The Tradition of Hermes Trismegistus

The Egyptian Priestly Figure as a Teacher of Hellenized Wisdom

Series:

In The Tradition of Hermes Trismegistus, Christian H. Bull argues that the treatises attributed to Hermes Trismegistus reflect the spiritual exercises and ritual practices of loosely organized brotherhoods in Egypt. These small groups were directed by Egyptian priests educated in the traditional lore of the temples, but also conversant with Greek philosophy. Such priests, who were increasingly dispossessed with the gradual demise of the Egyptian temples, could find eager adherents among a Greek-speaking audience seeking for the wisdom of the Egyptian Hermes, who was widely considered to be an important source for the philosophies of Pythagoras and Plato. The volume contains a comprehensive analysis of the myths of Hermes Trismegistus, a reevaluation of the Way of Hermes, and a contextualization of this ritual tradition.

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Biographical Note
Christian H. Bull, Ph.D. (2014), University of Bergen, is a Marie Curie research fellow at the University of Oslo and Princeton University. He has published several articles on the Hermetica and the Nag Hammadi Codices, as well as a book of Norwegian translations of the Corpus Hermeticum. He co-edited Mystery and Secrecy in the Nag Hammadi Collection and Other Ancient Literature (Brill, 2012).
Table of contents
Acknowledgements
Abbreviations

1 Introduction
 1.1 The Status Quaestionis
 1.2 The Aim of the Present Contribution
 1.3 Theoretical Considerations

Part 1: Who is Hermes Trismegistus?


2 The Myth of Hermes Trismegistus
 2.1 The Egyptian Pre-History of the Thrice-Greatest Thoth
 2.2 Greek Sources for the Egyptian Hermes

3 The Primordial Egyptian Kings in the Hermetica
 3.1 SH XXIII (Korê Kosmou): An Egyptian Account of Creation
 3.2 SH XXIV: The Emanations of Royal Souls
 3.3 SH XXV: Cosmology and the Location of the Royal Souls
 3.4 SH XXVI: Hermes as a Royal Soul
 3.5 CH I: Poimandres the King
 3.6 Kmeph and Protology in the Hermetica
 3.7 De Anima: The Creation of the Souls and the Primal Human
 3.8 The Bronze Age in CH I: Erroneous Love and Its Remedy
 3.9 The Hermetic Transmigration of Souls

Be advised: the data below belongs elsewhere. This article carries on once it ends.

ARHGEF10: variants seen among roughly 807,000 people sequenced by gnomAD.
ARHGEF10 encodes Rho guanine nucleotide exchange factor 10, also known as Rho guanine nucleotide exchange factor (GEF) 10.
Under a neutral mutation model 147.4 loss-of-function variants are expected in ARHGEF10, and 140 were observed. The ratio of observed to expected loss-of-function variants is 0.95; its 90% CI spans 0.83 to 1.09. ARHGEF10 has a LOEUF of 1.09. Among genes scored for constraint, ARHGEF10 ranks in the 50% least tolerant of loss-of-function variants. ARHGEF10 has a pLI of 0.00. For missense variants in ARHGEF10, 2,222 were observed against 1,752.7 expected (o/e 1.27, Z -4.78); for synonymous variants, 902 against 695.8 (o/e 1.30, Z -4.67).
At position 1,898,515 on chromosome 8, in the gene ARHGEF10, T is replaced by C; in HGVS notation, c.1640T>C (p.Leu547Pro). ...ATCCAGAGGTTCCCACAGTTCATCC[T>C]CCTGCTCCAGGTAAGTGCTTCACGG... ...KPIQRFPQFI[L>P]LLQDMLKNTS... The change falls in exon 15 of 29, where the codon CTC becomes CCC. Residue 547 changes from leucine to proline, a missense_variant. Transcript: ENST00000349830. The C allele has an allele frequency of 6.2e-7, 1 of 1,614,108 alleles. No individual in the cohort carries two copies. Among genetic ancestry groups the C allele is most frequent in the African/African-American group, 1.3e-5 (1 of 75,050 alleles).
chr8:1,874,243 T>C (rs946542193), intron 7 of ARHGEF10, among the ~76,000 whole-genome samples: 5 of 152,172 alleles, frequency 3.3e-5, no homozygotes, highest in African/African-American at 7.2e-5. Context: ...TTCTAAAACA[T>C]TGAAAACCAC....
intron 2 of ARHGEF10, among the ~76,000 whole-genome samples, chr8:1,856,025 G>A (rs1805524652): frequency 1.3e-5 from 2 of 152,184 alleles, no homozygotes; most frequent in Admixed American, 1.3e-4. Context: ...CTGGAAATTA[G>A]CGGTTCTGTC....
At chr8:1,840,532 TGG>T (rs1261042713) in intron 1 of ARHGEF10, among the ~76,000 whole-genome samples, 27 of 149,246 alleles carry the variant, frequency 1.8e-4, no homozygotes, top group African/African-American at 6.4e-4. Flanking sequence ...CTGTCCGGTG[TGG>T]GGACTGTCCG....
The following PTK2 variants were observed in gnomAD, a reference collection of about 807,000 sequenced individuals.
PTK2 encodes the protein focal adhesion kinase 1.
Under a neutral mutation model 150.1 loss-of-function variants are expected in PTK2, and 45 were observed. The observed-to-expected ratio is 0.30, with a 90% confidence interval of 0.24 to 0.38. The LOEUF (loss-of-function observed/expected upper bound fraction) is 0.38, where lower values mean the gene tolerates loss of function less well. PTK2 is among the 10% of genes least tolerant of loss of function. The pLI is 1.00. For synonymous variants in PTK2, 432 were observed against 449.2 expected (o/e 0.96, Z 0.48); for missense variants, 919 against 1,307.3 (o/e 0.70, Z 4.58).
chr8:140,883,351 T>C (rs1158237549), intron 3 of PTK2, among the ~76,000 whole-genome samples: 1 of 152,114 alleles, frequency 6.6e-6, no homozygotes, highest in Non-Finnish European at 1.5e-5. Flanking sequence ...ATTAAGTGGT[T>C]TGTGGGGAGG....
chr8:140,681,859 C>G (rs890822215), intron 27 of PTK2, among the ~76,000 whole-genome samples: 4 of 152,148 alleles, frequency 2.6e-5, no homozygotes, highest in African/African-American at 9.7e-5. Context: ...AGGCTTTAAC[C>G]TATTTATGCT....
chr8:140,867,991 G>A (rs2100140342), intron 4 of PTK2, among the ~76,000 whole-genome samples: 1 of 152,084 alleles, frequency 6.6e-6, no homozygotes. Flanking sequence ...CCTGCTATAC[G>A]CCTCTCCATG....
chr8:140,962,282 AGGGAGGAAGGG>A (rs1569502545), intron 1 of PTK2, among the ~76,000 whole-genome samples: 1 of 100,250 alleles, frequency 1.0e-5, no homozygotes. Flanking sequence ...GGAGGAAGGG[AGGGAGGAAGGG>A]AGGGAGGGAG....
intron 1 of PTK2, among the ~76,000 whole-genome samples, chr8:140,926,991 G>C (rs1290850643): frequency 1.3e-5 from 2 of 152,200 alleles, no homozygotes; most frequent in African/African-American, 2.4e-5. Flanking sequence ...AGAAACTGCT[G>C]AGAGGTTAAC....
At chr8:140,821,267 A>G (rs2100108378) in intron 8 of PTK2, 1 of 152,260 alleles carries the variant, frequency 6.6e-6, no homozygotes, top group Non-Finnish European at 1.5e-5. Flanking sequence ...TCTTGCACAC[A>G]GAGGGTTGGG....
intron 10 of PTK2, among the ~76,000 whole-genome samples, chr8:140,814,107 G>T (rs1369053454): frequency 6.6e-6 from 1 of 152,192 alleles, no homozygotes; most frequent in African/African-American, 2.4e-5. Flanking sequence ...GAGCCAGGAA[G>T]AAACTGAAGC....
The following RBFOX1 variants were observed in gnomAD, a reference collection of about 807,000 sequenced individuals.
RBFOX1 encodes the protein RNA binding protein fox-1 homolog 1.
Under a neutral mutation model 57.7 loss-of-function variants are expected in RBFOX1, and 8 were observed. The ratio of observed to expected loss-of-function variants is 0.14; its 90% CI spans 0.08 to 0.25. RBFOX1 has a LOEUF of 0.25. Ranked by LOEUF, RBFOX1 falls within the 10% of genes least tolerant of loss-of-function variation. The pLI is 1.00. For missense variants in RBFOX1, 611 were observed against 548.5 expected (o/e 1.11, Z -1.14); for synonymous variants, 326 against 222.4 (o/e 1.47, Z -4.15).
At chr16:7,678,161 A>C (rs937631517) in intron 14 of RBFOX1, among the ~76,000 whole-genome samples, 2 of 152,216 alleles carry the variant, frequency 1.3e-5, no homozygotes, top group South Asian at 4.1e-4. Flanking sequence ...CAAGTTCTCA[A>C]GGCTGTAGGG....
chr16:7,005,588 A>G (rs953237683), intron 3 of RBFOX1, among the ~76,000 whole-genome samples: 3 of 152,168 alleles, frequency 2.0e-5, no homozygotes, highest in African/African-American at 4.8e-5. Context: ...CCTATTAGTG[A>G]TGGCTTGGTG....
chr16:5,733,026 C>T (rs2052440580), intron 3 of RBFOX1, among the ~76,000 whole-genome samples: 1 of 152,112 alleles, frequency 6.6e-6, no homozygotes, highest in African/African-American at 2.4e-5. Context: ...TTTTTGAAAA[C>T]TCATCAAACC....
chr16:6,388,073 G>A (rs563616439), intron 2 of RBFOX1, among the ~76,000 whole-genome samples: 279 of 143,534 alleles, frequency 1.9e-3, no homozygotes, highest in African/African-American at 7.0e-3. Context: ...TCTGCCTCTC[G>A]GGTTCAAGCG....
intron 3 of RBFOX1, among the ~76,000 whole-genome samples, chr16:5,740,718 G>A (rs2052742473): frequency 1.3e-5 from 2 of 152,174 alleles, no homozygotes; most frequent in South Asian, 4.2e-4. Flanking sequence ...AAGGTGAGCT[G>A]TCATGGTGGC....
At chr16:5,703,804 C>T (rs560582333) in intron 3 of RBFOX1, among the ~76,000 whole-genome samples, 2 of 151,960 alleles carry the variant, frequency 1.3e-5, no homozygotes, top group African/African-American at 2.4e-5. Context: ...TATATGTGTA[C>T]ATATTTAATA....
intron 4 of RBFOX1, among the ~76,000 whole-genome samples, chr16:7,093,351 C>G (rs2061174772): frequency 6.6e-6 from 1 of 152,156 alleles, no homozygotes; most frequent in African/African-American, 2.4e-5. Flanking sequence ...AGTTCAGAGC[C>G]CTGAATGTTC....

3.10 Hermes, Nature, and the Royal Souls in Manilius’ Astronomica
 3.11 Hermes, Nature, and the Royal Souls in Petosiris and Nechepsos
 3.12 The Importance of Myth in the Hermetic Tradition

Conclusion to Part 1

Part 2: What is the Way of Hermes?


4 Introduction to the Way of Hermes
 4.1 Testimonies to the Existence of a “Way”
 4.2 The Way of Thoth
 4.3 The Order of the Tradition
 4.4 Conversion
 4.5 First Stage: Knowing Oneself
 4.6 Second Stage: Becoming a Stranger to the World

5 The Ritual of Rebirth
 5.1 CH XIII: General Remarks
 5.2 The Phase of Separation
 5.3 Limen: The Threshold Phase
 5.4 The Aggregation or Incorporation Phase
 5.5 Concluding Remarks on the Rebirth

6 Heavenly Ascent: The Discourse on the Eighth and the Ninth (NHC VI,6)
 6.1 Introduction: The Sequence of the Tradition (52,1–13)  6.2 Explanation of Spiritual Generation (52,14–55,23)  6.3 The Visionary Ascent (55,24–61,17)  6.4 Epilogue: Erection of a Votive Stela (61,18–63,32)
Conclusion to Part 2

Part 3: Who Were the Hermetists?—Situating the Way of Hermes


7 The True Philosophy of Hermes
 7.1 The Way of Hermes as a Philosophical School
 7.2 Philosophy as a Hermetic Self-Designation
 7.3 The Hermetic Science of the Stars
 7.4 Priestly Philosophers

8 The Magician and the Temple
 8.1 On the Term ‘Magic’
 8.2 The Thebes-Cache
 8.3 Hermetism in the Thebes-Cache?  8.4 Thessalos and Thebes
 8.5 Vision and Divination
 8.6 Rebirth and Ascent: The Mithras or Pšai-Aion Liturgy

9 The Egyptian Priesthoods and Temples
 9.1 Egyptian Priests as Purveyors of Native Tradition
 9.2 The Idealized Priests of Chaeremon and the Perfect Discourse
 9.3 The Temple as a Dwelling-Place of Priests and Gods
 9.4 Egypt as the Temple of the World and The Twilight of Its Gods
 9.5 The New Law
 9.6 The Hermetic Sitz-im-Leben: A Suggestion

Conclusion
Bibliography
Readership
Everyone interested in Hermetism, ancient astrology, Greco-Egyptian magic, Late Egyptian religion, and the Nag Hammadi Codices.
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